Sometimes I think, "I need a ME" here in Santa hold deep space for me without flinching. That is mostly what I do for other solo performers... I am willing to take the journey all the way into the deep. The underworld does not frighten me. Consequences of truth do not frighten me. Characters who play in the "shadow" do not frighten me. I invite all parts of the Self to arrive in the studio with us..The more open one is to explore strange corners, weird voices and seemingly impossible stories, the more we have to work with for a show. Speaking the "unspeakable" is the artists job after all.

Denial of our full selves, being put in a category or that frightens me. Being complacent in the face of that frightens around narcissists who always have to look good and never expose their vulnerabilities...all terrifying.

The long and the short of this is that even though I don't have a "Tanya" here in Santa Fe to help me get this show up this year, I am finding a way to do it. I may have to travel elsewhere, the way people travel to me often to get their shows up.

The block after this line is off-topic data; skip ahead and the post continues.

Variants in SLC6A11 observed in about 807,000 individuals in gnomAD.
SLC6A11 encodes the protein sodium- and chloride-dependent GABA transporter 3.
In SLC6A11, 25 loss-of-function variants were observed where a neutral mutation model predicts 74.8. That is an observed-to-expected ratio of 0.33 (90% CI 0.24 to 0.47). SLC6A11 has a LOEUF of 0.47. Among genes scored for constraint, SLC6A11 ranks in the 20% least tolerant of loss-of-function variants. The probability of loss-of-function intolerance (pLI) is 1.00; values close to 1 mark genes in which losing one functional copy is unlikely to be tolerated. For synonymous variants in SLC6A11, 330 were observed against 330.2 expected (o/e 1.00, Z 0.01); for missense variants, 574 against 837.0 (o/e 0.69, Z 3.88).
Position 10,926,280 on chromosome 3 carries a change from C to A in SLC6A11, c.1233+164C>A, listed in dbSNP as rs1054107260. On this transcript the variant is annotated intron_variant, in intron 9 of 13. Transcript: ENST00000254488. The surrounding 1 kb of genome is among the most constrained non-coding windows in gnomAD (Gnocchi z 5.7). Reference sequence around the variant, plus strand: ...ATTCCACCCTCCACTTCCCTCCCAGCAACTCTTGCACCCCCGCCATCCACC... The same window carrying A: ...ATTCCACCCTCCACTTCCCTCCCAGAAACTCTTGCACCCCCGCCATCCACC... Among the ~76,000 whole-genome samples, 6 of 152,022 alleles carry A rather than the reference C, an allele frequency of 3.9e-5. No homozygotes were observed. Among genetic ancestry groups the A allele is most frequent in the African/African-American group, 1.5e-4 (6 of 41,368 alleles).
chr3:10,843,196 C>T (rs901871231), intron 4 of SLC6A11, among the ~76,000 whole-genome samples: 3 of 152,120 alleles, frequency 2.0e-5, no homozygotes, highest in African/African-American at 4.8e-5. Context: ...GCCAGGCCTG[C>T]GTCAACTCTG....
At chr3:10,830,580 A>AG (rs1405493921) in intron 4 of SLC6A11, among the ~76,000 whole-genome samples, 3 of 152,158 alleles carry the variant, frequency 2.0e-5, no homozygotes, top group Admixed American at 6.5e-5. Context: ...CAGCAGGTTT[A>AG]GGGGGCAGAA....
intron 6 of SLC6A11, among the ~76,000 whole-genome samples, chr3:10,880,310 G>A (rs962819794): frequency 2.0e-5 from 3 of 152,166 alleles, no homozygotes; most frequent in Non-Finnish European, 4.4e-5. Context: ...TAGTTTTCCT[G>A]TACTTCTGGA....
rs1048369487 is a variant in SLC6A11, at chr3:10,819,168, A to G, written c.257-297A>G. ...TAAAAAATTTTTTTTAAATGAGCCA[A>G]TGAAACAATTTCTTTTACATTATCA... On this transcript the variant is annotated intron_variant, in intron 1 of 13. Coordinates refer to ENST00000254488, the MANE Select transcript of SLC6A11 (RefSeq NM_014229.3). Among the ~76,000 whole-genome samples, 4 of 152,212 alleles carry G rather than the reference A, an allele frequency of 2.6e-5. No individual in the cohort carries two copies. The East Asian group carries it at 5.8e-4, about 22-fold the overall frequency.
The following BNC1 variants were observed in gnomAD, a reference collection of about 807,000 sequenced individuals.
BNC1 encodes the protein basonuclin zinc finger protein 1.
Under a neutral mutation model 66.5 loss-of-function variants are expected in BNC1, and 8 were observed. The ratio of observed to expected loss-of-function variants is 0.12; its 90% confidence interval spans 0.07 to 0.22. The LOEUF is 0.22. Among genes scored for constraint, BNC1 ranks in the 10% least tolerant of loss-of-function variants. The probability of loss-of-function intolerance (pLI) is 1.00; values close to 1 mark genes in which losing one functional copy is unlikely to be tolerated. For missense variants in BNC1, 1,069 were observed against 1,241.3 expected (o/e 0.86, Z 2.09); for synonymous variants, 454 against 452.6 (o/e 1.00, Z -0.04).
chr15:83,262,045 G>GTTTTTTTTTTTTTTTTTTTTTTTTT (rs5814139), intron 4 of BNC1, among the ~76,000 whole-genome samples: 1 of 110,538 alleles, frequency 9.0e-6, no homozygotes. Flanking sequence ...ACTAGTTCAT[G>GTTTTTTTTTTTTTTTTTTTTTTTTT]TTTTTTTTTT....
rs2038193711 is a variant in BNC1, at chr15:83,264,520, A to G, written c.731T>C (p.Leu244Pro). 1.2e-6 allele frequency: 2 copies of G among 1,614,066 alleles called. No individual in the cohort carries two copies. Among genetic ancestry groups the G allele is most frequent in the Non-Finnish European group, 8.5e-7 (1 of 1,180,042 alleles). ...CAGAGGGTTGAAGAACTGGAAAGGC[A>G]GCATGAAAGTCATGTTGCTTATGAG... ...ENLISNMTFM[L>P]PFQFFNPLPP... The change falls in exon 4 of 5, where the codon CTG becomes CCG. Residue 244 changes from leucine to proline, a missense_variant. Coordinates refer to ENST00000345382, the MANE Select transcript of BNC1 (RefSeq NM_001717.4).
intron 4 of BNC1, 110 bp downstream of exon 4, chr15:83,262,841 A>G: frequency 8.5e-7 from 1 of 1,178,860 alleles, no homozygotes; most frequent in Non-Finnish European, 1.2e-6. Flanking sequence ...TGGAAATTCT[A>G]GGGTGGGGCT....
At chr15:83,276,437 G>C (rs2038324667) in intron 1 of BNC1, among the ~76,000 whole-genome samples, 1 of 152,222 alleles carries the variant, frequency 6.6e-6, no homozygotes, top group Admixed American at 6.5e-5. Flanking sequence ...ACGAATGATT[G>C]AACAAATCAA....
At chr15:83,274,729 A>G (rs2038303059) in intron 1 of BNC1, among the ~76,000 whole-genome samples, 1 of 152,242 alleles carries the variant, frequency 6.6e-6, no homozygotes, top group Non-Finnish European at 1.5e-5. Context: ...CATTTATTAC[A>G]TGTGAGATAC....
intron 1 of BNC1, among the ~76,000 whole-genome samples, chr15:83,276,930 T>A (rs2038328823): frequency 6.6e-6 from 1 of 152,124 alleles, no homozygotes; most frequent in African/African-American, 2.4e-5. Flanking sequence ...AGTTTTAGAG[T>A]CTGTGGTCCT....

I cannot do it alone. May 2012 be a breakthrough year for us all...This show is my gift to myself this coming year....

Sunday, December 18, 2011

Solo Performance Offerings in 2012

Hi All....

I have just worked out my schedule for 2012.

I am offering classes and workshops in Santa Fe and Albuquerque in 2012. Also, I will be accepting submissions for the Santa Fe Solo Performance Festival.

There is a StoryHealers Therapeutic Monologue Training beginning in April for those who want to professionally facilitate this process for healing in their communities.